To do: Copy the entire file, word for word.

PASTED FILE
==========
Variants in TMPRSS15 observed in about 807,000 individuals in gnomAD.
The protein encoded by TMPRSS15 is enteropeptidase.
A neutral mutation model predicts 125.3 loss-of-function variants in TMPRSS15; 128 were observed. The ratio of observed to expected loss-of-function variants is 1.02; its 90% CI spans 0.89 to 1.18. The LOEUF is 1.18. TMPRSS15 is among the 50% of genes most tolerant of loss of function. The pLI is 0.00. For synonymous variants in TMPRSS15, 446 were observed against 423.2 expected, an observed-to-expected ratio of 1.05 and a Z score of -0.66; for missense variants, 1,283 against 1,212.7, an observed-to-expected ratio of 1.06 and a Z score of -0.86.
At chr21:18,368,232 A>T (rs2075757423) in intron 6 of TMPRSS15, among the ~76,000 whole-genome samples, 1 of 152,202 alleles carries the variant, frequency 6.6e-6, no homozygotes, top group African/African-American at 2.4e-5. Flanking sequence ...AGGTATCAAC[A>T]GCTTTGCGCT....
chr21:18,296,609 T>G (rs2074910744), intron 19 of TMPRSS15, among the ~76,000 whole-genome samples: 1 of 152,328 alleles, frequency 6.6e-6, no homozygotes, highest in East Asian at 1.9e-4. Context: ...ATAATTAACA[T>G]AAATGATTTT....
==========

Variants in TMPRSS15 observed in about 807,000 individuals in gnomAD.
The protein encoded by TMPRSS15 is enteropeptidase.
A neutral mutation model predicts 125.3 loss-of-function variants in TMPRSS15; 128 were observed. The ratio of observed to expected loss-of-function variants is 1.02; its 90% CI spans 0.89 to 1.18. The LOEUF is 1.18. TMPRSS15 is among the 50% of genes most tolerant of loss of function. The pLI is 0.00. For synonymous variants in TMPRSS15, 446 were observed against 423.2 expected, an observed-to-expected ratio of 1.05 and a Z score of -0.66; for missense variants, 1,283 against 1,212.7, an observed-to-expected ratio of 1.06 and a Z score of -0.86.
At chr21:18,368,232 A>T (rs2075757423) in intron 6 of TMPRSS15, among the ~76,000 whole-genome samples, 1 of 152,202 alleles carries the variant, frequency 6.6e-6, no homozygotes, top group African/African-American at 2.4e-5. Flanking sequence ...AGGTATCAAC[A>T]GCTTTGCGCT....
chr21:18,296,609 T>G (rs2074910744), intron 19 of TMPRSS15, among the ~76,000 whole-genome samples: 1 of 152,328 alleles, frequency 6.6e-6, no homozygotes, highest in East Asian at 1.9e-4. Context: ...ATAATTAACA[T>G]AAATGATTTT....